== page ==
Hospitals & Health Networks

June 19, 2012

By Haydn Bush

At most hospitals, John Danby, the sustainability administrator for University of California-Davis Health System, says, “if somebody gets past 50 percent in [waste reduction], they have a big party.” But UC-Davis has a steeper mandate to fulfill. As part of the University of California system, the hospital is tied to a system-wide pledge to achieve zero waste by 2020. Achieving that goal for a hospital will prove to be an extremely tall order, but Danby says there are plenty of creative ways to reduce its overall footprint while improving the bottom line.

“For any hospital in the environment we are in today, the easiest way to get traction with sustainability is to show a cost containment,” Danby says.

That ethos has translated to a widespread and eclectic range of initiatives that target both reduced environmental impact and cost savings. Several years ago, Sally Lee, who now directs the hospital’s value analysis program, was working on a technology committee with a focus on physician preference items when she discovered that a number of other hospitals, including UC-San Francisco, were reprocessing single-use medical devices instead of throwing them out and buying new ones.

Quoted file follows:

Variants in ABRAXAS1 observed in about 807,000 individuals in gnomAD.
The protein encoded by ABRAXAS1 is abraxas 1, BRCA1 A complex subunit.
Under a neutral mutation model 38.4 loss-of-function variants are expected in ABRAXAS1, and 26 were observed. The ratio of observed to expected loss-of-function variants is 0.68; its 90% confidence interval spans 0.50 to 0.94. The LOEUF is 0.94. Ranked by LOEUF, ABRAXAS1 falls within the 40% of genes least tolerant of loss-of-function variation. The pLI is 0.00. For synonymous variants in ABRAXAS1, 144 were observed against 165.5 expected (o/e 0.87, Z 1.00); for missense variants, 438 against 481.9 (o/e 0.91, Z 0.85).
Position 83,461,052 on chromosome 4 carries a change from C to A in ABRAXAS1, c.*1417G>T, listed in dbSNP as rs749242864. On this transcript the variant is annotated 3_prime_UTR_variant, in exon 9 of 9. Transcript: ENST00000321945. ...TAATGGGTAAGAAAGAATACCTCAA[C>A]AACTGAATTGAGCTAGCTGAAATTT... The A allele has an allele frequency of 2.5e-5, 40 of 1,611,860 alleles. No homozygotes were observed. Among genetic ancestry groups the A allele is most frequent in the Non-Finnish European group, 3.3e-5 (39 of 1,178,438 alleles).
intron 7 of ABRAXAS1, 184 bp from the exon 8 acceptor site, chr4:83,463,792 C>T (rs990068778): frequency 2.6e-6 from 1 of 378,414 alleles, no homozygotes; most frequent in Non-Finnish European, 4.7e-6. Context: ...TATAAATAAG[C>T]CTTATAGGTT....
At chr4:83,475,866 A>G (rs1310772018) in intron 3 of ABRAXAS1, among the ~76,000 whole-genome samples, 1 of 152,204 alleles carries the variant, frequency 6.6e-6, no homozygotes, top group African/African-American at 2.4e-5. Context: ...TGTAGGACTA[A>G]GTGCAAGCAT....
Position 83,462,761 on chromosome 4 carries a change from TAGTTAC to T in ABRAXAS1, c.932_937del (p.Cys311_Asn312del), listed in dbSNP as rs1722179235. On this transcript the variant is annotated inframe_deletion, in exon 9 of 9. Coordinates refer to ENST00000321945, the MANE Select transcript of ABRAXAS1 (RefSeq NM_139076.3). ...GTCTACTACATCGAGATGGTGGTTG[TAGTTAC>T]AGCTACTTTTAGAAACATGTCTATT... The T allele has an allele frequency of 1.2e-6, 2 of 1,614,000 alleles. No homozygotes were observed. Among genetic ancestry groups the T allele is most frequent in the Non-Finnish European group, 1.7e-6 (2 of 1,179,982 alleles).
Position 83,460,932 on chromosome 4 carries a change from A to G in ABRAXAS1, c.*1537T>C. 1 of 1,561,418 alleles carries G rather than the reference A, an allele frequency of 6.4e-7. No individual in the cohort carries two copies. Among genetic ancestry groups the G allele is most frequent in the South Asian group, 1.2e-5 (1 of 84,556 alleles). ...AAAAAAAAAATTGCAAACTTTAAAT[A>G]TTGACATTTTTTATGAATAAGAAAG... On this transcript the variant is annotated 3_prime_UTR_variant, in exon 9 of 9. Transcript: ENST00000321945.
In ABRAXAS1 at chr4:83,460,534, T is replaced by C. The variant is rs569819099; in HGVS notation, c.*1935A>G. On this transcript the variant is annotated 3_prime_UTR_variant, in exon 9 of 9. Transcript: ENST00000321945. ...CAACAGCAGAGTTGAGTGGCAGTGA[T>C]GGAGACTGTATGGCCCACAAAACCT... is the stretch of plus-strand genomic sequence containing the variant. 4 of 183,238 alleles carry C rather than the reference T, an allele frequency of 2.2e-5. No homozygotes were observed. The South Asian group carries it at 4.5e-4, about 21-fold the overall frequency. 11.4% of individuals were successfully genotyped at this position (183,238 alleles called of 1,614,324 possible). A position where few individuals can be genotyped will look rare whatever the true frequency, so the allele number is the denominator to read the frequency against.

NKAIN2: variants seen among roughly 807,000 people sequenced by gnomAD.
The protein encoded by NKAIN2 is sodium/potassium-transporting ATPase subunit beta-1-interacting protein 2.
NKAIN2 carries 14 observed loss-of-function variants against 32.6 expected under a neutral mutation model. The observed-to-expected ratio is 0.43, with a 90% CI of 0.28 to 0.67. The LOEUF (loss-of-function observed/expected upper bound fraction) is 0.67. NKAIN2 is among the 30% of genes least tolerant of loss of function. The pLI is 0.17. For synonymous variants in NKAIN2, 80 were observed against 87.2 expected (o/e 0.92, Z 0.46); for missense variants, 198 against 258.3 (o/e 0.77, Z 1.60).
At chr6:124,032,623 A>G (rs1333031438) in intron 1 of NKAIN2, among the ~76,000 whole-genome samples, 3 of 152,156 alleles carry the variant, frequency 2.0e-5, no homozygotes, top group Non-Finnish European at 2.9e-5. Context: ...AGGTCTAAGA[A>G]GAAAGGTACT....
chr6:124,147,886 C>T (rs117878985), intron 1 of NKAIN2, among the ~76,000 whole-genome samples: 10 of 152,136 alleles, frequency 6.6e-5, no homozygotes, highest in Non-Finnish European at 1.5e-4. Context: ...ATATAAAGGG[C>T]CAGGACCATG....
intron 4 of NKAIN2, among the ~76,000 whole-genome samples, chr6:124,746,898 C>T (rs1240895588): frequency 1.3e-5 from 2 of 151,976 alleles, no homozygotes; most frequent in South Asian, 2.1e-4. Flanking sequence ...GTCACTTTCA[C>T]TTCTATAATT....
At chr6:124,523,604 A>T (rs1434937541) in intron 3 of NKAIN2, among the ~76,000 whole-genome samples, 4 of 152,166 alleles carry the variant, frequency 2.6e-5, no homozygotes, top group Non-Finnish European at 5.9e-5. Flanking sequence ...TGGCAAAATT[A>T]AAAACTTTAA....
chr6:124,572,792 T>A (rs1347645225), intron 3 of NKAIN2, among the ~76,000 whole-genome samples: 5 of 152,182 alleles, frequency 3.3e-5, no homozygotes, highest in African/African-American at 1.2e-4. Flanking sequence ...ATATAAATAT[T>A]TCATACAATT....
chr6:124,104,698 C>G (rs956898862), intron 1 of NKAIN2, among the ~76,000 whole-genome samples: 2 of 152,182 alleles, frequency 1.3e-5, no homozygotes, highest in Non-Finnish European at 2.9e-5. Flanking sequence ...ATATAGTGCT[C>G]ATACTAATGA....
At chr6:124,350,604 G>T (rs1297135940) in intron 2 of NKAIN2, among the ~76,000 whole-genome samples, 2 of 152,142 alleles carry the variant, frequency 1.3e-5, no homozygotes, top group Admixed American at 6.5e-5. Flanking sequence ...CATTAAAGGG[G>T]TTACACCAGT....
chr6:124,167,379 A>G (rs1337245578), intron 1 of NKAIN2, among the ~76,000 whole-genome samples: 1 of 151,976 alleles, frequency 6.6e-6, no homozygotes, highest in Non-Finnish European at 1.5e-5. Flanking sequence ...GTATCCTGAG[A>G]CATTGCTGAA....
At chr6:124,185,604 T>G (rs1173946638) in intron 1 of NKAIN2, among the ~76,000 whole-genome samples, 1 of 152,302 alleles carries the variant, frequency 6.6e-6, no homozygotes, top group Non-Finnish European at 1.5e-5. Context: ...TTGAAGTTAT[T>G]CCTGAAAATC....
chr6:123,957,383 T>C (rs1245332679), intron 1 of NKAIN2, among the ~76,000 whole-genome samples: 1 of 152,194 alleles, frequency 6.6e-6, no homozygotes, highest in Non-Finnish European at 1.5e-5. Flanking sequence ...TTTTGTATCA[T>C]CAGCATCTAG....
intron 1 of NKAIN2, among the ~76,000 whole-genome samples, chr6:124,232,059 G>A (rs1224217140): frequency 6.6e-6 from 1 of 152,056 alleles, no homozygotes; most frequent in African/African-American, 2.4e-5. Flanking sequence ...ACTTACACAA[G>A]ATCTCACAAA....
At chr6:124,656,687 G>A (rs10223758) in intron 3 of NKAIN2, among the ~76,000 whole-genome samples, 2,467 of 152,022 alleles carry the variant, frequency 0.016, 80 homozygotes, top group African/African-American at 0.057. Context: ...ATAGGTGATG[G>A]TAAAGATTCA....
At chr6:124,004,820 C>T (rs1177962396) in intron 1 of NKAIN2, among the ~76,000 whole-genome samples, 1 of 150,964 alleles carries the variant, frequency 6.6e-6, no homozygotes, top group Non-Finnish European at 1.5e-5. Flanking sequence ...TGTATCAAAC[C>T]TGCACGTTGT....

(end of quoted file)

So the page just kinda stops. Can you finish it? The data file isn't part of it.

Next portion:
…To convince doctors there was no downside to using recycled items, the hospital created a reprocessing committee, which worked with physicans, the hospital’s risk management team and infection prevention experts to research its clinical impact. Ultimately, the commitee determined that device re-processors are held to the same Food & Drug Administration standards as medical device manufacturers, and identified a 2008 Government Accountability Office report that found no elevated health risk for reprocessed devices…

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To learn more about the benefits of reprocessed single-use devices, please visit AMDR on the web or send an email to